- Asian Cinema


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Link to YesAsia

Dunoiyuhui peurojekteu, peojeul (2006). Directed by Kim Tae-kyung. Cast: Joo Jin-mo, Moon Sung-keun, Hong Seok-cheon, Park Jun-seok, Kim Hyun-seong.

Five career criminals who have never met before receive an offer they can't refuse. They're invited to participate in a perfectly planned robbery, there's only one catch: They don't know who planned it.

After the robbery has been completed successfully, four of the men meet up with the fifth at a large empty storage facility. However, when they arrive, they only find his charred body, causing the four men to point their guns at each other, as they try to figure out who set them up. While they argue about who hired them and why, and debate a course of action, flashbacks reveal how these men got to this point in their life, and how the whole operation was set in motion.

Even the casual filmfan will have noticed a certain familiarity in the story at this point. To put it simply: "Puzzle" combines the plot of "Reservoir Dogs" and "Usual Suspects", and ends up with a tight little thriller clocking in at a mere 92 minutes. The film would have been brilliant, though, had it only stuck to imitating the spirit of these two films, instead of actually lifting whole scenes from them. The entire final shootout of "Reservoir Dogs" and the "The robbers open the envelopes"-scene from "Usual Suspects" make it to "Puzzle" fairly intact, which makes it really hard to love this otherwise crafty film. But this is not the only problem.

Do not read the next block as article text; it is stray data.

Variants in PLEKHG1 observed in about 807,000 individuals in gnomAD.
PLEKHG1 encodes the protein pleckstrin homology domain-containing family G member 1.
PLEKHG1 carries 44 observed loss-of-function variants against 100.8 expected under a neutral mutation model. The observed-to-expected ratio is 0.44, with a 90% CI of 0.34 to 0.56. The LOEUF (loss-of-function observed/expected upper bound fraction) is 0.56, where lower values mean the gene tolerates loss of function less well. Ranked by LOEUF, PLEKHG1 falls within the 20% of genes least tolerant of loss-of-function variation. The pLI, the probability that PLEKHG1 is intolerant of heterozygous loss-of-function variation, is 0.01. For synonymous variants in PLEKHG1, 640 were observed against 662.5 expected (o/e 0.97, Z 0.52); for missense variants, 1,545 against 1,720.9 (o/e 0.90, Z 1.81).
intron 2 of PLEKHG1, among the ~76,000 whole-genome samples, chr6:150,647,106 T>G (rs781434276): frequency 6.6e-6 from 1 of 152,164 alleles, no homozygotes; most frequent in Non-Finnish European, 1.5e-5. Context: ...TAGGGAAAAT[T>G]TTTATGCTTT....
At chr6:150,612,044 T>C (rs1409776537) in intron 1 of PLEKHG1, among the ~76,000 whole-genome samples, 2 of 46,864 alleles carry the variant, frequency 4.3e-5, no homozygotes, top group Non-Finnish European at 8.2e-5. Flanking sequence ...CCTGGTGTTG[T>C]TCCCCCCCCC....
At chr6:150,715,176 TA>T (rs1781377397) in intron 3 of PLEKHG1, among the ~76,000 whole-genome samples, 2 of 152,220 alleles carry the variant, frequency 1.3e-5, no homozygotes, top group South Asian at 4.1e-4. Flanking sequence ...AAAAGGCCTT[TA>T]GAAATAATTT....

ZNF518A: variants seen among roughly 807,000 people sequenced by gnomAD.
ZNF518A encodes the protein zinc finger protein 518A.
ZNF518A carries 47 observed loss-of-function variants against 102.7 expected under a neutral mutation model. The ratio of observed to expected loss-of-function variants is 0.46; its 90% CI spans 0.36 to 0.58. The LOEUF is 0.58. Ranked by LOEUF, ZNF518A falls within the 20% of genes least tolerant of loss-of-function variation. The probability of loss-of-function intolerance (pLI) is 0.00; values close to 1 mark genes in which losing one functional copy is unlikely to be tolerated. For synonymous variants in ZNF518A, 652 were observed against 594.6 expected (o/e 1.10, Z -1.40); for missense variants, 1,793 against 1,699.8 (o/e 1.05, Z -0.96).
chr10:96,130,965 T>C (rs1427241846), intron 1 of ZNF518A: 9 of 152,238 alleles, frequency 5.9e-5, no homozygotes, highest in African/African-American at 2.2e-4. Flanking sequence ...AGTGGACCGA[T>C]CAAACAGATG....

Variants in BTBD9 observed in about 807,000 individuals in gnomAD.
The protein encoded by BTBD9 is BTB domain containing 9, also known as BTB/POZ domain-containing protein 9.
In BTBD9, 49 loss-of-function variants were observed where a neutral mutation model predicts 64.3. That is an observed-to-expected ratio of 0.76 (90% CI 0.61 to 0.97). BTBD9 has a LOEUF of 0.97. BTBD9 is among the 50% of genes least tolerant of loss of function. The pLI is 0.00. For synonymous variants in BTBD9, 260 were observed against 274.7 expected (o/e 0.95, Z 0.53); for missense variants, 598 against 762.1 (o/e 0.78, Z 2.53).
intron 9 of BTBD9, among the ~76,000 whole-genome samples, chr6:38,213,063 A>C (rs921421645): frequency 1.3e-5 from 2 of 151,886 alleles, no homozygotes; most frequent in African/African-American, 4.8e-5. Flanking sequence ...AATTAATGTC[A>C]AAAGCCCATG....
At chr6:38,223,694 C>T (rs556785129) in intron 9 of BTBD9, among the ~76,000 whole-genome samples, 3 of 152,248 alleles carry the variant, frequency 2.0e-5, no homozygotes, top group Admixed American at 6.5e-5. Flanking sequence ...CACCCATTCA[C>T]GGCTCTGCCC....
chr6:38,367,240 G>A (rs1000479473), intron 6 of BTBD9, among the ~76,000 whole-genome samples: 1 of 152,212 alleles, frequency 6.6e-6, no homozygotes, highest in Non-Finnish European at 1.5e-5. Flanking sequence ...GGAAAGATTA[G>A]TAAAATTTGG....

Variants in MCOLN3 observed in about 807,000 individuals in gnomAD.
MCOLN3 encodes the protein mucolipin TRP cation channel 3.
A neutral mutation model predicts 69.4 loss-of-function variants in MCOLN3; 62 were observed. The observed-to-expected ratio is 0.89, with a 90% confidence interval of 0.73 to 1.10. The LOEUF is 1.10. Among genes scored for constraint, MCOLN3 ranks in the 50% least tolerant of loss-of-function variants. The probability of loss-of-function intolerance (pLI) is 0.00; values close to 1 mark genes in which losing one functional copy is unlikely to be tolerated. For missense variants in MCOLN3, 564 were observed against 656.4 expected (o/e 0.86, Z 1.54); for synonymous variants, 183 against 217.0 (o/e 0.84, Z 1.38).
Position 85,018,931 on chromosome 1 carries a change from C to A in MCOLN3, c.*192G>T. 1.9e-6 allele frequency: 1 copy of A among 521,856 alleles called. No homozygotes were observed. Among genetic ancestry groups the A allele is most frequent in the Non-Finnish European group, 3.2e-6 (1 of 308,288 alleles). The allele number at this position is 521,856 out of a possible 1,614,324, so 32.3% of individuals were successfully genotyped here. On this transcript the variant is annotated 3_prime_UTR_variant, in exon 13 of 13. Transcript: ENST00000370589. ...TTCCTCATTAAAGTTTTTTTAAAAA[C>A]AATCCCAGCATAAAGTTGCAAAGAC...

In "Usual Suspects" we had a clear idea of who was going to get the robbers if they didn't corporate. The character of Keyzer Soze was vividly brought to life through flashbacks and campfire stories shared by the robbers. "Puzzle" has no such obvious bad guy. We never learn anything about the shadowy figure who put the robbery together, we don't see his face or learn his name until the very end, so there's no sense of danger.

In the end "Puzzle" simply runs out of steam, crippled by the need to hide the main antagonist, the fact that there's no clear deadline and the feeling that the filmmakers are standing on the shoulders of geniuses to reach the sky.

David Bjerre
April 10, 2007